Sell in May and buy back before Jerome Powell blinks and goes all soft on us? Sell in May and miss the miraculous five-day rally, best of the year? Sell in May and miss the incredible Non-FANG tech rally?
Nothing repulses me more than when we base hardcore decisions on silly ditties. But because May was, indeed, a bad month, we will have to endure an ever-larger amount of hoopla about it next year. It's the type of thing managing editors of all sorts dream of: some sort of rhyming conventional wisdom that allows you to program guests and build themes around the concept well ahead of time.
But it can be so costly as to remind us that selling is a lot harder than you think, because while it's always terrific to take a profit -- as you would had to do most likely if you sold in May -- it's almost impossible to time the re-buys of what you lost. Unless you think that "go away" means stop owning stocks, period, the journalists who play this game -- and it is journalists not fund managers, as it is way too irresponsible to make a calendar judgment -- don't tell you when it is safe to come back.
Or, another way to look at it, did you hear sell in May and buy back in June? I know I didn't.
If you step back for a second and consider what happened here, it's almost the mirror image of what occurred back in December. At that point, with much boots-on-the-ground information showing a slowdown, in part because of relentless rate hikes, Powell hiked rates one more time and gave us no sign that he was done.
He relied on the anecdotes of the Beige Book and his talks with his colleagues to create a mosaic that showed the economy still needed braking. I have no idea how he got to that mosaic. It simply wasn't the case.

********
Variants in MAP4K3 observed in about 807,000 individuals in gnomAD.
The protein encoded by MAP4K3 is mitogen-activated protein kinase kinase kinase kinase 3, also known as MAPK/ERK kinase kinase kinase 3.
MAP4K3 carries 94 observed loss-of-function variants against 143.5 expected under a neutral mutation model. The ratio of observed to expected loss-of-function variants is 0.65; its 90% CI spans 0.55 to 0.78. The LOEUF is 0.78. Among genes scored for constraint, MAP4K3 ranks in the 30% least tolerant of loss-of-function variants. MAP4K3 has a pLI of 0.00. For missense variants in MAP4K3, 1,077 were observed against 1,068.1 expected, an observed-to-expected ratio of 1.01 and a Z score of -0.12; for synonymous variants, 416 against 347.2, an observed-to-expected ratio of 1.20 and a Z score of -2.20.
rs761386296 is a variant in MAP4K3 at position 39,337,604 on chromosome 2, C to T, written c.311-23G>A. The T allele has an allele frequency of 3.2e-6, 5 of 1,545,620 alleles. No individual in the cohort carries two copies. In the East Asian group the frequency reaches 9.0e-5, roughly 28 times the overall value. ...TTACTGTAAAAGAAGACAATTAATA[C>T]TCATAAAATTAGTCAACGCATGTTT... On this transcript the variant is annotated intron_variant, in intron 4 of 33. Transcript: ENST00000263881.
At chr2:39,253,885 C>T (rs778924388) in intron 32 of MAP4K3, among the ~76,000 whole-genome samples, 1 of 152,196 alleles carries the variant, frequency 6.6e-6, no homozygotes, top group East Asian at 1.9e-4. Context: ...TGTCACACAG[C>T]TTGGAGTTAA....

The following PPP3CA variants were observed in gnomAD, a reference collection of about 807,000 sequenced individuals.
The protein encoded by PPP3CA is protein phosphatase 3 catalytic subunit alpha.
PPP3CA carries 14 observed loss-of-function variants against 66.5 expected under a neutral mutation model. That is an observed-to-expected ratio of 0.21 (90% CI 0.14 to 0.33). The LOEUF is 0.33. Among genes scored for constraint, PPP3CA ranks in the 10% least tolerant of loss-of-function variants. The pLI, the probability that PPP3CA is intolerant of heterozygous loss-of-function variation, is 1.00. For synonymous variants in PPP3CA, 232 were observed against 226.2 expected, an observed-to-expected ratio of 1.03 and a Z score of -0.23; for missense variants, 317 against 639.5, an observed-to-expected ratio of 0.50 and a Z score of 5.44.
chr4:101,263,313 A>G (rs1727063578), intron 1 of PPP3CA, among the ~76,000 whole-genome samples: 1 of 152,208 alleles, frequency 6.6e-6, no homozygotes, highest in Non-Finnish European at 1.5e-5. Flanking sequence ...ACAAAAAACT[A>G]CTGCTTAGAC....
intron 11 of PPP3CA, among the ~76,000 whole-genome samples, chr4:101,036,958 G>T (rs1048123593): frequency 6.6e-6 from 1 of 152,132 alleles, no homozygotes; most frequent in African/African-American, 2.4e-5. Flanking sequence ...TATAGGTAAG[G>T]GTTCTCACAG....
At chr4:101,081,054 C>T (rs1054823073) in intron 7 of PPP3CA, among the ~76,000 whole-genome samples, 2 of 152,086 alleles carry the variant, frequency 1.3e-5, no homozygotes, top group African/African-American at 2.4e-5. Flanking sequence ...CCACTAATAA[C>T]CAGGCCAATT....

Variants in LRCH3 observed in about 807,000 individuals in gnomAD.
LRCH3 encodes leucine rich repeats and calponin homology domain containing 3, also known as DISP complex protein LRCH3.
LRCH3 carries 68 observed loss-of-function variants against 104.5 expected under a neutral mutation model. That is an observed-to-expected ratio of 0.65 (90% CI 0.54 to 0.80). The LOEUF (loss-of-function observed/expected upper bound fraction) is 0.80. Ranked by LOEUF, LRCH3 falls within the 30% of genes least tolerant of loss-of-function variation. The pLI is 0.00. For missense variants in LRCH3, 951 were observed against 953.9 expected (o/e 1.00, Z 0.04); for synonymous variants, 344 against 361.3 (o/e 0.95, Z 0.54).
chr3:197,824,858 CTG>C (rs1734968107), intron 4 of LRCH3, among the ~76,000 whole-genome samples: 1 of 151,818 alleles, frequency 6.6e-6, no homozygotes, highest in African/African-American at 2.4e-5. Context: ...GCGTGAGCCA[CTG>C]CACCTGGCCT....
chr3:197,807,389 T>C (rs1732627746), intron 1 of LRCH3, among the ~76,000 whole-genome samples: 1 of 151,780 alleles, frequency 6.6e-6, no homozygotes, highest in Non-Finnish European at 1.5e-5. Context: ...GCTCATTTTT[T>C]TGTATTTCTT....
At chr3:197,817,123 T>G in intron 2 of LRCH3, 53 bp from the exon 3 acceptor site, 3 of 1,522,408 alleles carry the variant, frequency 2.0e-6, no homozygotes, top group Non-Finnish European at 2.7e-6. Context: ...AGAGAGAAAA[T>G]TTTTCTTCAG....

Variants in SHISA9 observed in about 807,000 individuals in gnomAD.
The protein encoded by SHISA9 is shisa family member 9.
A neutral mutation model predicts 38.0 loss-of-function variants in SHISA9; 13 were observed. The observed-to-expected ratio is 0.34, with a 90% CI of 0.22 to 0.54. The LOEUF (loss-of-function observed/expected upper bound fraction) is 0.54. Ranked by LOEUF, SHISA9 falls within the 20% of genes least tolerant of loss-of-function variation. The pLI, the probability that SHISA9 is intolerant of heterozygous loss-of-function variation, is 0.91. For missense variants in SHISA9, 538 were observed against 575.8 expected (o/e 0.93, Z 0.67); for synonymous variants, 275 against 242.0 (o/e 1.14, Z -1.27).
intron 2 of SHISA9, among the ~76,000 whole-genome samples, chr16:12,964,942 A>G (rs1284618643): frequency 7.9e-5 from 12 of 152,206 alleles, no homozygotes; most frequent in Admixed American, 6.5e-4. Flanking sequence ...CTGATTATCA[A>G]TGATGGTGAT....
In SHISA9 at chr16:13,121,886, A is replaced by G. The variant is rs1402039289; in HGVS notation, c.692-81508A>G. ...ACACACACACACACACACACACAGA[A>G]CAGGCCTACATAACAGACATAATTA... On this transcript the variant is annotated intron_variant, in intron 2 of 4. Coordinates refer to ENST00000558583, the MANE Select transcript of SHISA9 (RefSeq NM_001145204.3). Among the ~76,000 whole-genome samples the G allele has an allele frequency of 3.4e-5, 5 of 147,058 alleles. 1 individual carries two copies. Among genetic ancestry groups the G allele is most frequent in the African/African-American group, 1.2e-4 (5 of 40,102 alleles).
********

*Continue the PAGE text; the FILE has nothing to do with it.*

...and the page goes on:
I used to give you a litany of so many commodities and products that were rolling over, everything from liner board and chemicals to steel, homes and autos. Plus the gloom of Washington had once again settled on America, now that the tax cuts were being annualized and the lack of the state and local tax deduction hit home. Both can explain the weakness in retail.
It was a terrible time for a rate increase and the stock market knew it.
May was no different. We once again started hearing that the economy was getting strong enough for the first rate hike of the year. Yet the trade wars were really starting to heat up and the confusion and fear that they sowed was bleeding into the stock market. We saw a decline in employment. We saw and staggeringly negative set of retail numbers, with only Target (TGT) , Costco (COST) and Walmart (WMT) accelerating, the opposite of what you want if you are looking for the huge number of Davids to say in the game against these Goliaths.
So, once again, Powell had to state the obvious without stating it: It may be time for a rate cut, because there shouldn't have been a December rate increase to begin with. You needed to anticipate this change -- and to do so you had to buy in May or at least the end of May so you were back in for the change of heart.
Now I was listening to the news all last week about the biggest rally of the year, and I think it came because of the dramatic oversold position coupled not with a rate hike but with Powell admitting that there's weakness, albeit nothing the Fed caused. It's easy to blame things on the trade talks because they are no-brainer bad in the short term. It's not so easy if you are the Fed to blame yourself.
So, here's what I suggest next time you hear Sell in May. Ask yourself under what conditions or what ditties or doggerel you get to buy back your stock and be glad no one was saying "Swoon in June" to drive out the people who could handle the miserable May we just went through.